Just as important as the electronics themselves in headsets such as these is the shape of the ear cup and the material used.  The Vanquish Pro uses acoustic foam in an ear cup that is soft enough to really form to my head.  Straining my neck in all directions isn’t enough to get the headset to “break seal” and let a blast of noise in.  I get aftermarket gel cups for most of my electronic headsets, but won’t need them for these.  Using eye protection (Gatorz ANSI Z87+ rated Magnums) that have flattened earpieces with the Vanquish Pro leads to breaking the ear seal a lot less often than with eye pro that have more rounded earpieces.

One aspect of earmuffs that most don’t consider until it’s too late is the strength with which the headset snuggles your cranium.  Too much pressure often causes discomfort and headaches, while too little leaves your ear pro floppy and ineffective, or even falling off when moving.  The Vanquish Pro straddles the middle of the line and has shown comfortable to wear for hours at a time.

Champion Vanquish Pro
Bottom line:  the Vanquish Pro works, and works well.

Bottom line:  the Vanquish Pro works, and works well.  This is a strong entry into the electronic hearing protection market by Champion.  The retail price on these from Champion is $124.95, with street price already down to $109.99 elsewhere.  As with any new product, I’d expect the price to come down even more in coming months.  As it stands, the Vanquish line from Champion is certainly worth taking a look at, and keeping an eye on.



About Rex NanorumJens Hammer

Rex Nanorum is an Alaskan Expatriate living in Oregon with his wife and kids. Growing up on commercial fishing vessels, he found his next adventure with the 2nd Bn, 75th Ranger Regt. After 5 tours to Afghanistan and Iraq, he adventured about the west coast becoming a commercial fisheries and salvage SCUBA diver, rated helicopter pilot instructor (CFII) and personal trainer, before becoming a gear reviewer and writer.”

-Rex Nanorum

@Rexnanorum

 

 

4 Comments
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Vern
Vern
1 year ago

I left my hearing in Vietnam in 1967, the VA started supplying me with hearing aids in 1995 but I had been buying them myself before then. They are much more expensive now than then. I have hearing protection now to preserve what little hearing I have left. I have an electronic set of muffs but they interfere with my hearing aids when I forget to take them out. But I also have an older set of muffs that I have gone back to and can wear with my hearing aids. The standard muffs seem to do a better job… Read more »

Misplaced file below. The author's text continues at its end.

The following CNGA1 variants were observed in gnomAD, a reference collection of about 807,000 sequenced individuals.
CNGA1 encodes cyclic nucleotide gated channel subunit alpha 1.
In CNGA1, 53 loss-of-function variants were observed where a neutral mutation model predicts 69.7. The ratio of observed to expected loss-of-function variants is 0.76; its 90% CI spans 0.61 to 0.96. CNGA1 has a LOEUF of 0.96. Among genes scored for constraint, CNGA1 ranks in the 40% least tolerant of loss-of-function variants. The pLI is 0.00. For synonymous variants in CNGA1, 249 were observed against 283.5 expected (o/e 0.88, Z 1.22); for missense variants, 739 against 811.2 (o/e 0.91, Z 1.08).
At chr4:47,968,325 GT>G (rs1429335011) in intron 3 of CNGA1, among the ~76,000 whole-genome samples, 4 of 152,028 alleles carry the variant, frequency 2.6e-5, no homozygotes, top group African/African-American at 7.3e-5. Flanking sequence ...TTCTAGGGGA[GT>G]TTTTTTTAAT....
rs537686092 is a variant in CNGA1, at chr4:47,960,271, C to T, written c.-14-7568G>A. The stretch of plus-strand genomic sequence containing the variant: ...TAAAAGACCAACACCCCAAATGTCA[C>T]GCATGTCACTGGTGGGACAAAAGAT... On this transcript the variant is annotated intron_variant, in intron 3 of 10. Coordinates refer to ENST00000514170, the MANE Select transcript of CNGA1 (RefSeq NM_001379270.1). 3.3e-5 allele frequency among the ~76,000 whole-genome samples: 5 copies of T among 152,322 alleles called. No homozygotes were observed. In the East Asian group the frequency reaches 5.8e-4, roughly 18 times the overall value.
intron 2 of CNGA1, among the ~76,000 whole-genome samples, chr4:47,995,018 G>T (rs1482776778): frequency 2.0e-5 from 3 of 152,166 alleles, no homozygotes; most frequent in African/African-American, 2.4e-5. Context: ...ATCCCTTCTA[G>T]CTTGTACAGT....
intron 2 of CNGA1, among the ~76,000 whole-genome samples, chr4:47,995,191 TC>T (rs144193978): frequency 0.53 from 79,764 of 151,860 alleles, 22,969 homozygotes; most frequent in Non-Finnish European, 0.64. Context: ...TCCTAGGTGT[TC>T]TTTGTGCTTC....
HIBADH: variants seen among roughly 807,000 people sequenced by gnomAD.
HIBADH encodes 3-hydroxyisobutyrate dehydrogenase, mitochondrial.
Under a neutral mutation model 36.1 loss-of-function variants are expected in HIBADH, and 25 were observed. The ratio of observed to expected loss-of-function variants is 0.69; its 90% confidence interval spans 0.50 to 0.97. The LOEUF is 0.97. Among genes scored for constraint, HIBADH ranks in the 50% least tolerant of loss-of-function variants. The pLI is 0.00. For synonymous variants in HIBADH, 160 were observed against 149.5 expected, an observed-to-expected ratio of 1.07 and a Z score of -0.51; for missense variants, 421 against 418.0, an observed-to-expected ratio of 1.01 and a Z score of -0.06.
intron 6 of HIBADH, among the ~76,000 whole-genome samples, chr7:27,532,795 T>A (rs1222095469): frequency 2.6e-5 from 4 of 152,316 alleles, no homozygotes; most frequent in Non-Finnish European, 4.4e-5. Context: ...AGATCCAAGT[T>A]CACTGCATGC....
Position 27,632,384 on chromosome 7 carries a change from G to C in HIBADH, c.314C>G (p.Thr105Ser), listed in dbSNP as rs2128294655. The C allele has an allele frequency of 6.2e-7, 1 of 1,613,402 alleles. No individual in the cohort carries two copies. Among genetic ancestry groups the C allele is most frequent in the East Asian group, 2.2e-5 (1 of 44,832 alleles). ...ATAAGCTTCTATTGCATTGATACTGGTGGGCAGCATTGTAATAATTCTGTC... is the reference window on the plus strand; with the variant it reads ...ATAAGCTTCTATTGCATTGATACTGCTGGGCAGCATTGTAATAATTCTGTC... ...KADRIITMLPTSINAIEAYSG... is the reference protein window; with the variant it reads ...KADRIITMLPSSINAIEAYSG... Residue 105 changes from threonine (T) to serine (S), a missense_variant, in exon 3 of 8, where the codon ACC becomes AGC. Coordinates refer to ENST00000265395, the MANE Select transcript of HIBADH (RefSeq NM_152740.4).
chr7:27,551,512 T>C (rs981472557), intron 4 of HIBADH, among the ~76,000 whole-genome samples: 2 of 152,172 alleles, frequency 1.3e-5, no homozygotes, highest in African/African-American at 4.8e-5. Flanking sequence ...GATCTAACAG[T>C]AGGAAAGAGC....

Bill
Bill
1 year ago

The protection double every 3 points of NRR. 24 is at the lower range of protection from electrical earmuffs. I use ones with NRR of 34. So much better! Pro Ears. They are more expensive-$200-300.00 on sale. But once you hearing is damaged, it’s gone!! Hearing aids do NOT restore what you lost. Hearing aids, for the good ones, are several $1,000!! Protect you hearing!!!

Brian
Brian
1 year ago

This seems interesting. But I just ordered my Big Ear customs and they are working great.

Heed the Call-up
Heed the Call-up
1 year ago
Reply to  Brian

They are quite a bit more expensive, but do have good NRR DB. I just had an online chat with someone at that site. Said the Big Ear Super soft has a 32 NRR and sells for $168, and they have a better pair that has a 37 NRR for $189. He said paired with my muffs that are 34 NRR, I would have a 42 NRR. I typically do wear plugs with my muffs, anyway. That is the one issue I see with all of these electronic ones, without the electronic suppression, the NRR is not good. I can… Read more »